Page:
IGF-1 protects dopamine neurons against oxidative stress: association with changes in phosphokinases

Amina El Ayadi, Michael J. Zigmond, Amanda D. Smith

Research output: Contribution to journalArticle

22 Citations (Scopus)

Abstract

Insulin-like growth factor-1 (IGF-1) is an endogenous peptide transported across the blood brain barrier that is protective in several brain injury models, including an acute animal model of Parkinson’s disease (PD). Motor deficits in PD are due largely to the progressive loss of nigrostriatal dopaminergic neurons. Thus, we examined the neuroprotective potential of IGF-1 in a progressive model of dopamine deficiency in which 6-hydroxydopamine (6-OHDA) is infused into the striatum. Rats received intrastriatal IGF-1 (5 or 50 µg) 6 h prior to infusion of 4 µg 6-OHDA into the same site and were euthanized 1 or 4 weeks later. Both concentrations of IGF-1 protected tyrosine hydroxylase (TH) immunoreactive terminals in striatum at 4 weeks but not at 1 week, indicating that IGF-induced restoration of the dopaminergic phenotype occurred over several weeks. TH-immunoreactive cell loss was only attenuated with 50 µg IGF-1. We then examined the effect of striatal IGF-1 on the Ras/ERK1/2 and PI3K/Akt pathways to ascertain whether their activation correlated with IGF-1-induced protection. Striatal and nigral levels of phospho-ERK1/2 were maximal 6 h after IGF-1 infusion and, with the exception of an increase in nigral pERK2 at 48 h, returned to basal levels by 7 days. Phospho-Akt (Ser473) was elevated 6-24 h post-IGF-1 infusion in both striatum and substantia nigra concomitant with inhibition of pro-death GSK-3β, a downstream target of Akt. These results suggest that IGF-1 can protect the nigrostriatal pathway in a progressive PD model and that this protection is preceded by activation of key pro-survival signaling cascades.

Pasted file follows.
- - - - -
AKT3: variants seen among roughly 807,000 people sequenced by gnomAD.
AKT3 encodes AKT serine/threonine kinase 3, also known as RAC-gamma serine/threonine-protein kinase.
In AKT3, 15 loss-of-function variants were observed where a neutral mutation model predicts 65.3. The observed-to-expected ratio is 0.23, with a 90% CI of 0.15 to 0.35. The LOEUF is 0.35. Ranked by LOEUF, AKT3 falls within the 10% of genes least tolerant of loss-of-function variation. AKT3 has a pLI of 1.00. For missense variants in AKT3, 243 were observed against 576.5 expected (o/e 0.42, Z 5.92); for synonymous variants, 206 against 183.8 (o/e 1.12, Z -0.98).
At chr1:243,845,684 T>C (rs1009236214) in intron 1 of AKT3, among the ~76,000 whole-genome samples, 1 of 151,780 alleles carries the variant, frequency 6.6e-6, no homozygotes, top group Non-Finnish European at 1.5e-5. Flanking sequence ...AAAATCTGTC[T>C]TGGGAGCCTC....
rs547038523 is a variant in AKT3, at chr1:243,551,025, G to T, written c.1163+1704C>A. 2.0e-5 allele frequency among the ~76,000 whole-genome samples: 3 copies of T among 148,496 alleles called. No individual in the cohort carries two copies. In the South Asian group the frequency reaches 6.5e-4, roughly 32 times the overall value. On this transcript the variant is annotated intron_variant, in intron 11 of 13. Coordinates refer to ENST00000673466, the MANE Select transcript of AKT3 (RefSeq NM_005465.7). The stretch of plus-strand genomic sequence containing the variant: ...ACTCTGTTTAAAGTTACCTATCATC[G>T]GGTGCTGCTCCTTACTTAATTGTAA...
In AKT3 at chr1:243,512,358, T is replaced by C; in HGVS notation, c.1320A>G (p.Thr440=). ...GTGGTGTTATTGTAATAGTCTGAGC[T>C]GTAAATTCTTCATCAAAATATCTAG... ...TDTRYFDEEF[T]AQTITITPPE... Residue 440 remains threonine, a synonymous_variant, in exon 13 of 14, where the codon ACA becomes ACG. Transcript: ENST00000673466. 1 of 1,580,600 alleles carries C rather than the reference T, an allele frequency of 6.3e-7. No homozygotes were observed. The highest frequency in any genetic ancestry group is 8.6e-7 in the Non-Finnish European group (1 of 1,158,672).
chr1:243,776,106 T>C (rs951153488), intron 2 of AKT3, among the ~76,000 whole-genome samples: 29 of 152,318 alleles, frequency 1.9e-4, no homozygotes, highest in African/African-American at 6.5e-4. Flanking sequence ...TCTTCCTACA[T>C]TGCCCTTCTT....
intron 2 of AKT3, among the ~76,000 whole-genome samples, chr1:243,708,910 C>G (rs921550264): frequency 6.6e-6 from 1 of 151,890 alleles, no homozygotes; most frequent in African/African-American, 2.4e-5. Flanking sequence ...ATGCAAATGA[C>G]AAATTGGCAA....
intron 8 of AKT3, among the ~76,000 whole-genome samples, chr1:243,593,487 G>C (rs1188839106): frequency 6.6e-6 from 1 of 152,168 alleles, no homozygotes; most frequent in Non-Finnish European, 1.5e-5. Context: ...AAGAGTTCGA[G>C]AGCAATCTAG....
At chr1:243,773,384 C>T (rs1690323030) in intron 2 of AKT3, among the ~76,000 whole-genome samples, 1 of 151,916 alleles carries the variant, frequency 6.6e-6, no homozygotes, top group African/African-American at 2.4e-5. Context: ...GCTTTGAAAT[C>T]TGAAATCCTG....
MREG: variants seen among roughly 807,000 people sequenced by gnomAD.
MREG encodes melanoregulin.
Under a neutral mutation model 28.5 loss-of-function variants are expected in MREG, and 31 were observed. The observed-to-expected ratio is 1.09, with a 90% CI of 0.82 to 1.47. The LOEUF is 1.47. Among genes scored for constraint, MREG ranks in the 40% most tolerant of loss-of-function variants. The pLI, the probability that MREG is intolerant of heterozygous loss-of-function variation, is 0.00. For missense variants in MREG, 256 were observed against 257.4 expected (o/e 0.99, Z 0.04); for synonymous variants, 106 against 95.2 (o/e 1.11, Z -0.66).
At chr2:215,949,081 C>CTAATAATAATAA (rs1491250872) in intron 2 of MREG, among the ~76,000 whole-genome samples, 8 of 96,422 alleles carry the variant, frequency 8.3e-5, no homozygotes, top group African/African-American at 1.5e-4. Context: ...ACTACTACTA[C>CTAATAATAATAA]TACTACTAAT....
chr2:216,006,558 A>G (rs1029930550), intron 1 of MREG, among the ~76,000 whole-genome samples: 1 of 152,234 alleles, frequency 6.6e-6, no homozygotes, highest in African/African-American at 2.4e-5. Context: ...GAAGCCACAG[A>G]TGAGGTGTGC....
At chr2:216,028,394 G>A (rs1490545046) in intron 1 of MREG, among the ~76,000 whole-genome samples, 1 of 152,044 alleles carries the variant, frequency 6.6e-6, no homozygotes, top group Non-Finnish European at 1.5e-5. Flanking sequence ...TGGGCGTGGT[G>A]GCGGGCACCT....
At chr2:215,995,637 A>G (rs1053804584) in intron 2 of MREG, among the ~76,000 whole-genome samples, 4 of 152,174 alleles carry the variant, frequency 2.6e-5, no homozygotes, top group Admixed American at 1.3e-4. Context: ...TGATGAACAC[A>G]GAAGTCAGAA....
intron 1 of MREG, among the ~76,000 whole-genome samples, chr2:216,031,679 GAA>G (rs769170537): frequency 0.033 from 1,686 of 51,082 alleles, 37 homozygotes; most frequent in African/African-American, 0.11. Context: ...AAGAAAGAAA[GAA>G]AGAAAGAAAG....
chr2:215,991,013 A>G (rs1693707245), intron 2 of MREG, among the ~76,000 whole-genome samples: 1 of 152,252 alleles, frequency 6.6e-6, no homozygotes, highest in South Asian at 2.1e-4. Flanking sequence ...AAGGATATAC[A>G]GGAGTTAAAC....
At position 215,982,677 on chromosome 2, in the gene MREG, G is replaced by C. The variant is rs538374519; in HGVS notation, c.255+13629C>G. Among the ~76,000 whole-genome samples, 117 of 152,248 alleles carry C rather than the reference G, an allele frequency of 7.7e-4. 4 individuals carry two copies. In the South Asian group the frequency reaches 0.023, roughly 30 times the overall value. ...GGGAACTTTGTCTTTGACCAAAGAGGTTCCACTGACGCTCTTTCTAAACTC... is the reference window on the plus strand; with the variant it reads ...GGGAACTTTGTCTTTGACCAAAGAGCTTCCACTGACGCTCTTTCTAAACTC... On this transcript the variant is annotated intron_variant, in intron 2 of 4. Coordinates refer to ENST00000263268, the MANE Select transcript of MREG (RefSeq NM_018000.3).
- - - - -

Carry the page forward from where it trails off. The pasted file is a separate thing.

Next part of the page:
Original languageEnglish (US)
Pages (from-to)1863-1873
Number of pages11
JournalExperimental Brain Research
Volume234
Issue number7
DOIs
StatePublished - Jul 1 2016

Fingerprint

Dopaminergic Neurons
Somatomedins
Oxidative Stress
Phosphotransferases
Oxidopamine
Substantia Nigra
Parkinson Disease
Corpus Striatum
Tyrosine 3-Monooxygenase
Glycogen Synthase Kinase 3
Blood-Brain Barrier
Phosphatidylinositol 3-Kinases
Brain Injuries
Dopamine
Animal Models
Phenotype
Peptides

Keywords

  • 6-OHDA
  • Akt
  • CREB
  • ERK1/2
  • GSK-3Beta
  • Parkinson’s disease
  • Striatum

ASJC Scopus subject areas

  • Neuroscience(all)

Cite this

IGF-1 protects dopamine neurons against oxidative stress : association with changes in phosphokinases. / Ayadi, Amina El; Zigmond, Michael J.; Smith, Amanda D.

In: Experimental Brain Research, Vol. 234, No. 7, 01.07.2016, p. 1863-1873.

Research output: Contribution to journalArticle

@article{64158f70f0774bdb9129d4933509c472,
title = "IGF-1 protects dopamine neurons against oxidative stress: association with changes in phosphokinases",
abstract = "Insulin-like growth factor-1 (IGF-1) is an endogenous peptide transported across the blood brain barrier that is protective in several brain injury models, including an acute animal model of Parkinson’s disease (PD). Motor deficits in PD are due largely to the progressive loss of nigrostriatal dopaminergic neurons. Thus, we examined the neuroprotective potential of IGF-1 in a progressive model of dopamine deficiency in which 6-hydroxydopamine (6-OHDA) is infused into the striatum. Rats received intrastriatal IGF-1 (5 or 50 µg) 6 h prior to infusion of 4 µg 6-OHDA into the same site and were euthanized 1 or 4 weeks later. Both concentrations of IGF-1 protected tyrosine hydroxylase (TH) immunoreactive terminals in striatum at 4 weeks but not at 1 week, indicating that IGF-induced restoration of the dopaminergic phenotype occurred over several weeks. TH-immunoreactive cell loss was only attenuated with 50 µg IGF-1. We then examined the effect of striatal IGF-1 on the Ras/ERK1/2 and PI3K/Akt pathways to ascertain whether their activation correlated with IGF-1-induced protection. Striatal and nigral levels of phospho-ERK1/2 were maximal 6 h after IGF-1 infusion and, with the exception of an increase in nigral pERK2 at 48 h, returned to basal levels by 7 days. Phospho-Akt (Ser473) was elevated 6-24 h post-IGF-1 infusion in both striatum and substantia nigra concomitant with inhibition of pro-death GSK-3β, a downstream target of Akt. These results suggest that IGF-1 can protect the nigrostriatal pathway in a progressive PD model and that this protection is preceded by activation of key pro-survival signaling cascades.",